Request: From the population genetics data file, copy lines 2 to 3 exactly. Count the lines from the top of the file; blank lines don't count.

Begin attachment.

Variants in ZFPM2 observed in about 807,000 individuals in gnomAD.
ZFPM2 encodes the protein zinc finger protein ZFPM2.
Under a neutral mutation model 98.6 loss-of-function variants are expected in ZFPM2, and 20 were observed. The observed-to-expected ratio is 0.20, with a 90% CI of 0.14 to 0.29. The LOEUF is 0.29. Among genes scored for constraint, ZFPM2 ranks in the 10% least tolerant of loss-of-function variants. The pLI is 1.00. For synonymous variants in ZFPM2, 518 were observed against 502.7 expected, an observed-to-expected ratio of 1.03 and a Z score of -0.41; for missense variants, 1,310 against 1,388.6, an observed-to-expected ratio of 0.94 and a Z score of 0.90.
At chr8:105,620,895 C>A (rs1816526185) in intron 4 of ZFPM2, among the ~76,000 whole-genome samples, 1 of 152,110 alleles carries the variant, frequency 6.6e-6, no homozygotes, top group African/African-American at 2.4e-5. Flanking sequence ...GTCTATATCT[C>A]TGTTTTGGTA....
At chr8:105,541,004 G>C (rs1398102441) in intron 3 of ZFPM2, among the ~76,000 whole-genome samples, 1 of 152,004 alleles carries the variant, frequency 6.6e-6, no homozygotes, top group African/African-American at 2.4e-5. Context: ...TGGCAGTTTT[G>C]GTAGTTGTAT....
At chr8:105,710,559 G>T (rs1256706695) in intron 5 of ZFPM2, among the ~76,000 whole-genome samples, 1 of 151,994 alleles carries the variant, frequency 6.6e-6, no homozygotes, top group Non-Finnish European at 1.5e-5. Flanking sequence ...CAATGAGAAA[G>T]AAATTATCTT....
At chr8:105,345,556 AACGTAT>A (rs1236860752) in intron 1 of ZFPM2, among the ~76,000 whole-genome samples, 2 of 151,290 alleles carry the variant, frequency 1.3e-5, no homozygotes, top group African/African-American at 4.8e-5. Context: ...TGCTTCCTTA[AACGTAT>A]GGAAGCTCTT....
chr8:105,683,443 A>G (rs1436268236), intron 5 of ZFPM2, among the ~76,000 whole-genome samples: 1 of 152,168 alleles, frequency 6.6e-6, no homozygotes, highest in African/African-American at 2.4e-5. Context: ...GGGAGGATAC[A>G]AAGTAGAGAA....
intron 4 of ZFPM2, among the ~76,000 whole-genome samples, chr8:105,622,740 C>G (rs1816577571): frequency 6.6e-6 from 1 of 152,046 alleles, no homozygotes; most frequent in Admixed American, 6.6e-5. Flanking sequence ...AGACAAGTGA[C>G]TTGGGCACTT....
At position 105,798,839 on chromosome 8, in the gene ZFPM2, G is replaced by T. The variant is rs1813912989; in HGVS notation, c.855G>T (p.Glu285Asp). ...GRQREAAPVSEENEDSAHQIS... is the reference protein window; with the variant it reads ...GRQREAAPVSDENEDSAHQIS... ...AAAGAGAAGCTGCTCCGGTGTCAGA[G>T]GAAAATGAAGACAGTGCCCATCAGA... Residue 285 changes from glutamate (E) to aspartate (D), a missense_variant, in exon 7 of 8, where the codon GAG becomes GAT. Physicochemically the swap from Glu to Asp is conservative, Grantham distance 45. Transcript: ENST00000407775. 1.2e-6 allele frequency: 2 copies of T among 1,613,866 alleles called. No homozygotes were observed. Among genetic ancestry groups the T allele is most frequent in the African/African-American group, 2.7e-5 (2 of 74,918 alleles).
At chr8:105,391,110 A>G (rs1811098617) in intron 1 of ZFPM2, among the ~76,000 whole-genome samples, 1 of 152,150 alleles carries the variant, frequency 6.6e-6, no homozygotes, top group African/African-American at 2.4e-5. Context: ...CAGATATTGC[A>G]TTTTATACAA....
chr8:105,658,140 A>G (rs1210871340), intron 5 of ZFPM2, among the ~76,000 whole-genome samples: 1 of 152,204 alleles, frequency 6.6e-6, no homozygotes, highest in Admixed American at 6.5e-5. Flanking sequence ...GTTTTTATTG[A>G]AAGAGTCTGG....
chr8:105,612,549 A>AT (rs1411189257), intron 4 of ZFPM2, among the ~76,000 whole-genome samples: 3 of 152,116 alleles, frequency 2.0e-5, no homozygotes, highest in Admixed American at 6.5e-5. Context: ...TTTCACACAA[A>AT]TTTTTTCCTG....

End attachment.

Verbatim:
ZFPM2 encodes the protein zinc finger protein ZFPM2.
Under a neutral mutation model 98.6 loss-of-function variants are expected in ZFPM2, and 20 were observed. The observed-to-expected ratio is 0.20, with a 90% CI of 0.14 to 0.29. The LOEUF is 0.29. Among genes scored for constraint, ZFPM2 ranks in the 10% least tolerant of loss-of-function variants. The pLI is 1.00. For synonymous variants in ZFPM2, 518 were observed against 502.7 expected, an observed-to-expected ratio of 1.03 and a Z score of -0.41; for missense variants, 1,310 against 1,388.6, an observed-to-expected ratio of 0.94 and a Z score of 0.90.